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Asia Minute: Japan’s Stadium Experiment in Pandemic Season

AP Photo/Hiro Komae
Fans enter a baseball stadium before a Japanese professional baseball league game between the Hanshin Tigers and the Yokohama DeNA BayStars in Yokohama, south of Tokyo on Friday, Oct. 30, 2020.

Researchers around the world are working on various strategies to keep the spread of COVID-19 to a minimum, while allowing certain aspects of routine life to return. For some, that includes sporting events — a focus in Japan.


Japan would like bigger crowds in stadiums safely.

The hopes of some are still that the Summer Olympics can take place as scheduled — starting next July in Tokyo.

Baseball is the first test, and yes, it’s still baseball season in Japan.

Opening Day was delayed, the season was interrupted but now the Japan Series gets started two weeks from Saturday. The number of fans has been gradually increased over the season, with teams allowed to fill stadiums to half their capacity by late September.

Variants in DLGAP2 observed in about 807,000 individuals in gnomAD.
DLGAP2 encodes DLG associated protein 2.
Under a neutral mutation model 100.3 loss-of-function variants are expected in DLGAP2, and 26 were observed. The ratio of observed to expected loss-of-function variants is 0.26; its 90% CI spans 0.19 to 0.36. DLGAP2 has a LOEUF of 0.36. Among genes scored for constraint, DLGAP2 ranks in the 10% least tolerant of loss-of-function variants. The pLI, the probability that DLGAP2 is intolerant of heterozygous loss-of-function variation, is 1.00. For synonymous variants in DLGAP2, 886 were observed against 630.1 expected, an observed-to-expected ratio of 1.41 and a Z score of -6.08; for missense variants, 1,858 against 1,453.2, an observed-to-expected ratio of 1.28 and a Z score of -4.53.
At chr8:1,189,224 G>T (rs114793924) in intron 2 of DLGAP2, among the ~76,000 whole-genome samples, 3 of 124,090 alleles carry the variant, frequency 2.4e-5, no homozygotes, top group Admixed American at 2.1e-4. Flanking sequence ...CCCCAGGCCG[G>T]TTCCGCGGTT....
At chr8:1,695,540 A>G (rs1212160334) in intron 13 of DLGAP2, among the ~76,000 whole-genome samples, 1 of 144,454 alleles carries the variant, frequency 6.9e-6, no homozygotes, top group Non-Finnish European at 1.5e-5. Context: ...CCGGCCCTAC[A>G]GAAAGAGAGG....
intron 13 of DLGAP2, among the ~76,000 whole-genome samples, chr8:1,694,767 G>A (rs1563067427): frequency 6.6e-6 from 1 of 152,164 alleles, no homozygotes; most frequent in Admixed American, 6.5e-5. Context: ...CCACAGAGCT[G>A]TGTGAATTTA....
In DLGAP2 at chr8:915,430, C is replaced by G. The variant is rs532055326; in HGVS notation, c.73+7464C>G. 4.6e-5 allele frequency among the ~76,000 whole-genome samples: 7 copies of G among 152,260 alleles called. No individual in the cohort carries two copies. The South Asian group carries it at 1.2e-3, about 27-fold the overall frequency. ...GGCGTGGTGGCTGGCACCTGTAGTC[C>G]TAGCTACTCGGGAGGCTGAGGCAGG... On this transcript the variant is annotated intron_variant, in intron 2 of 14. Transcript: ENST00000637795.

This past weekend in Yokohama, Japan’s professional league ran a three-day experiment — expanding the numbers of fans to 80% of stadium capacity on Friday and then raising it to 100% by the game on Sunday.

On the first day, they only got to about half — despite a cut in ticket prices.

Fans got temperature checks, masks were required, and instruments were installed to measure emissions of carbon dioxide and windspeed. Fans were asked not to cheer loudly so droplets would not be spread.

But the Asahi Shimbun reports when the Hanshin Tigers scored the first run of the game, fans stood up and made such a racket that security personnel scrambled to the outfield bleachers to urge them to sit down.

By Sunday, nearly 28,000 fans showed up — about 86% of capacity.

Another set of experiments is coming this weekend, with the Yomiuri Giants at the Tokyo Dome.

Bill Dorman has been the news director at Hawaiʻi Public Radio since 2011.
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